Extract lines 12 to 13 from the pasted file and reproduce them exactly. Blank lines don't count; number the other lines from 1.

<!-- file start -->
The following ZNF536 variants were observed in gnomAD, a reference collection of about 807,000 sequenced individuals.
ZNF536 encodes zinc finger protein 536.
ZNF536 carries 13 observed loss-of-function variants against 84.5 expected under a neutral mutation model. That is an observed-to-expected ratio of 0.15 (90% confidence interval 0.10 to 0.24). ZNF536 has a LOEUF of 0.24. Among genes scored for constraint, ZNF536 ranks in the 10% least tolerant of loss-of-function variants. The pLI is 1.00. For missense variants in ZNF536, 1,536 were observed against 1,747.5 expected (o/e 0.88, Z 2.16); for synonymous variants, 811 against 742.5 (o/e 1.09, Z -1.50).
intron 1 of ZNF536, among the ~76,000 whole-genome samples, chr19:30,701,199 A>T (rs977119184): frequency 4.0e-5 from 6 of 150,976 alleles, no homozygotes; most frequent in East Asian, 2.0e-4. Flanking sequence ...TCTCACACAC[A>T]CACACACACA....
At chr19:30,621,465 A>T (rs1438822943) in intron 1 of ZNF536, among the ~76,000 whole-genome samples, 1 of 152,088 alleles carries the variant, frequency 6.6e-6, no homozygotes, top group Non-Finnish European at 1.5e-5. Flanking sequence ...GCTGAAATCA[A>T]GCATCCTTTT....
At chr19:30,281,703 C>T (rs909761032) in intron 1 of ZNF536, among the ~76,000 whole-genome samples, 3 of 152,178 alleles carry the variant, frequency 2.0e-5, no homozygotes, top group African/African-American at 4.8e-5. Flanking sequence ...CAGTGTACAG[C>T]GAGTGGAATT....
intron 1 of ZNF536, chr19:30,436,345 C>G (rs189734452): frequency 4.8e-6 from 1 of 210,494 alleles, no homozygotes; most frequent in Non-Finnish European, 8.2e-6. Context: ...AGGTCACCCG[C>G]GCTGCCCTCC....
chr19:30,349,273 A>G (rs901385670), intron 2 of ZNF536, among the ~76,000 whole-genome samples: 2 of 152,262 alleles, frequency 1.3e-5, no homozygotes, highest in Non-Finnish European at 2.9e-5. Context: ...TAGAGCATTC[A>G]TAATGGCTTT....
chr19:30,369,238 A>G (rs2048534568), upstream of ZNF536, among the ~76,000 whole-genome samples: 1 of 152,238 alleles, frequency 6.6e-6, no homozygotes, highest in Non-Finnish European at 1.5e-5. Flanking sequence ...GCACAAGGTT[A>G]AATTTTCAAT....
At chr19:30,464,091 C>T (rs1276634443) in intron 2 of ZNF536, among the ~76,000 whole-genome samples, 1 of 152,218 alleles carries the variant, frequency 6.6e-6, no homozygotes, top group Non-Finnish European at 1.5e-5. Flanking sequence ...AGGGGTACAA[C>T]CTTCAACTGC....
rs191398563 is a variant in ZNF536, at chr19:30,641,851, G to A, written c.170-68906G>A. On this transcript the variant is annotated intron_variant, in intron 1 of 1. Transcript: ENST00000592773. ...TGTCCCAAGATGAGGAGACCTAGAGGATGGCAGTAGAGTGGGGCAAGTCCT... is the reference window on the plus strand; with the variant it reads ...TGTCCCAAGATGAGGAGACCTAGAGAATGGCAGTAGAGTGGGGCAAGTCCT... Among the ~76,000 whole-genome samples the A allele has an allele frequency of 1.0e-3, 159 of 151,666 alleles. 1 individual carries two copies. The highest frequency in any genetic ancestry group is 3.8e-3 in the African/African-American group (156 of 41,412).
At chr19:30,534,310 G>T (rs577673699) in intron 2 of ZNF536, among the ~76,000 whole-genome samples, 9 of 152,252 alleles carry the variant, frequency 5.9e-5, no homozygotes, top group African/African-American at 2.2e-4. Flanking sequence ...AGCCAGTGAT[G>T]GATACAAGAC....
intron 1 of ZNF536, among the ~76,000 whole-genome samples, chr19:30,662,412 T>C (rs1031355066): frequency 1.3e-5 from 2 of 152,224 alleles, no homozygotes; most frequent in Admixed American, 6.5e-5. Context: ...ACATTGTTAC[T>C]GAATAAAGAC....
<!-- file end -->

At chr19:30,534,310 G>T (rs577673699) in intron 2 of ZNF536, among the ~76,000 whole-genome samples, 9 of 152,252 alleles carry the variant, frequency 5.9e-5, no homozygotes, top group African/African-American at 2.2e-4. Flanking sequence ...AGCCAGTGAT[G>T]GATACAAGAC....
intron 1 of ZNF536, among the ~76,000 whole-genome samples, chr19:30,662,412 T>C (rs1031355066): frequency 1.3e-5 from 2 of 152,224 alleles, no homozygotes; most frequent in Admixed American, 6.5e-5. Context: ...ACATTGTTAC[T>C]GAATAAAGAC....